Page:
The Importance of Nothing

This week, Zac led our Sangha examining the concept of “nothing to do”.

He played a talk by Gil Fronsdal, available here:

https://www.audiodharma.org/talks/audio_player/8989.html

Here are some of Zac’s other notes:

Saṁyutta Nikāya 12:15:
That things exist, O Kaccayana, is one extreme of view. That things do not exist is another. Rejecting both these extremes, the Tathagata points out the Dhamma via the middle.

Buddha is your mind
And the Way goes nowhere.
Don’t look for anything but this.
If you point your cart north
When you want to go south,
How will you arrive?
– Ryokan (1758–1831)

Do Nothing | Shinzen (see p. 40 in Five Ways)

Basic Instructions:
Let whatever happens, happen.
Whenever you’re aware of an intention to control your attention, drop that intention.

Free and Easy

A Spontaneous Vajra Song
-By Venerable Lama Gendun Rinpoche
from: https://www.peterrussell.com/Odds/Gendun.php

Happiness can not be found
through great effort and willpower,
but is already present,
in open relaxation and letting go.

Don’t strain yourself,
there is nothing to do or undo.
Whatever momentarily arises
in the body-mind
has no real importance at all,
has little reality whatsoever.
Why identify with,
and become attached to it,
passing judgment upon it and ourselves?

Far better to simply
let the entire game happen on its own,
springing up and falling back like waves
without changing or manipulating anything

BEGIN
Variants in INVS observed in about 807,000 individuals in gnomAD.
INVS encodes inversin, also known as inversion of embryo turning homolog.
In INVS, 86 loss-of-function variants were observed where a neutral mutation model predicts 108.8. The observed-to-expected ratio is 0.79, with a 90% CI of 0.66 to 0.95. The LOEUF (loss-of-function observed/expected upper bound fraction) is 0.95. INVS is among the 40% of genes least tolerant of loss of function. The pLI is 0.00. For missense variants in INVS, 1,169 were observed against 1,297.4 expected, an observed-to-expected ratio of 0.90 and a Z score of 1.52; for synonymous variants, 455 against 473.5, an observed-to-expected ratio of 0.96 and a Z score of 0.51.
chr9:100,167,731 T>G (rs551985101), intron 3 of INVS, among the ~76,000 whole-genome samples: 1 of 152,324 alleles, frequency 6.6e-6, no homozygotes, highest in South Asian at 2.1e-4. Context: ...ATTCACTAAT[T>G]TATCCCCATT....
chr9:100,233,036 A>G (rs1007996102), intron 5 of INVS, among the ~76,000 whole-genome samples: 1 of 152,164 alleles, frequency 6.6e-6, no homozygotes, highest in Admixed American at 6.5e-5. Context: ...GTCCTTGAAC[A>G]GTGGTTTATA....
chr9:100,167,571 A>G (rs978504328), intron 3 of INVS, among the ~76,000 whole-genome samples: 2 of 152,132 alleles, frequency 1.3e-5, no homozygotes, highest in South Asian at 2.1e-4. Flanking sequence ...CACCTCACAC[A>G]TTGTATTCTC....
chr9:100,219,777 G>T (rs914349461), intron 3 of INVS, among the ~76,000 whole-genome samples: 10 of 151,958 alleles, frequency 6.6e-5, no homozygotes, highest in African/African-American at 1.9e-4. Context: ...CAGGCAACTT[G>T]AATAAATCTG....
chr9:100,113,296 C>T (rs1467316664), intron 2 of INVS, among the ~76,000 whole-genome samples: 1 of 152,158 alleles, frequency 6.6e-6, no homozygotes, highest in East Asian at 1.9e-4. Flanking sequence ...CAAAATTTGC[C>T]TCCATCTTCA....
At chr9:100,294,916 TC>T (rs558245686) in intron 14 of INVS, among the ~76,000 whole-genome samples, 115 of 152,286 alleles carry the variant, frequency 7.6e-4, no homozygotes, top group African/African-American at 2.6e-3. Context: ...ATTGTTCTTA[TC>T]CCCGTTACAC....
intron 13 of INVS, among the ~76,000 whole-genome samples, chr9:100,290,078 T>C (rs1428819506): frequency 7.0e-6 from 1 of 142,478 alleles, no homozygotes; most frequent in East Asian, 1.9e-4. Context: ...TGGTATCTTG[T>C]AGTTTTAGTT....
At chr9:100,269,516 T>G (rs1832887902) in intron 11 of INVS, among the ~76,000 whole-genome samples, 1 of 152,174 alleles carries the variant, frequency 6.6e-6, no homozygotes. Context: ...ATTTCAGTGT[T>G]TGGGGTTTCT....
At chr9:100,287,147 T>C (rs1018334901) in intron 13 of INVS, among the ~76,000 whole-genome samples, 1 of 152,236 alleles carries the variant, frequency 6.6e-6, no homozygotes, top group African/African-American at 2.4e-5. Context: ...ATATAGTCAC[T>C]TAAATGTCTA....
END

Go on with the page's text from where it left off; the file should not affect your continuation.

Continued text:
and notice how everything vanishes and reappears, magically,
again and again, time without end.

Only our searching for happiness
prevents us from seeing it.
It’s like a vivid rainbow which you pursue
without ever catching,
or a dog chasing its own tail.

Although peace and happiness
do not exist as an actual thing or place,
it is always available
and accompanies you every instant.

Don’t believe in the reality of good and bad experiences;
they are like today’s ephemeral weather,
like rainbows in the sky.

Wanting to grasp the ungraspable,
you exhaust yourself in vain.
As soon as you open and relax
this tight fist of grasping,
infinite space is there –
open, inviting and comfortable.

Make use of this spaciousness,
this freedom and natural ease.
Don’t search any further
looking for the great awakened elephant,
who is already resting quietly at home
in front of your own hearth.

Nothing to do or undo,
nothing to force,
nothing to want,
and nothing missing –

Emaho! Marvelous!
Everything happens by itself.

“Simple Gifts”
written by Elder Joseph while he was at the Shaker community in Alfred, Maine.

‘Tis the gift to be simple, ’tis the gift to be free
‘Tis the gift to come down where we ought to be,
And when we find ourselves in the place just right,
‘Twill be in the valley of love and delight.
When true simplicity is gained,
To bow and to bend we shan’t be ashamed,
To turn, turn will be our delight,
Till by turning, turning we come ’round right.

Simple Gifts – Yo-Yo Ma and Alison Krauss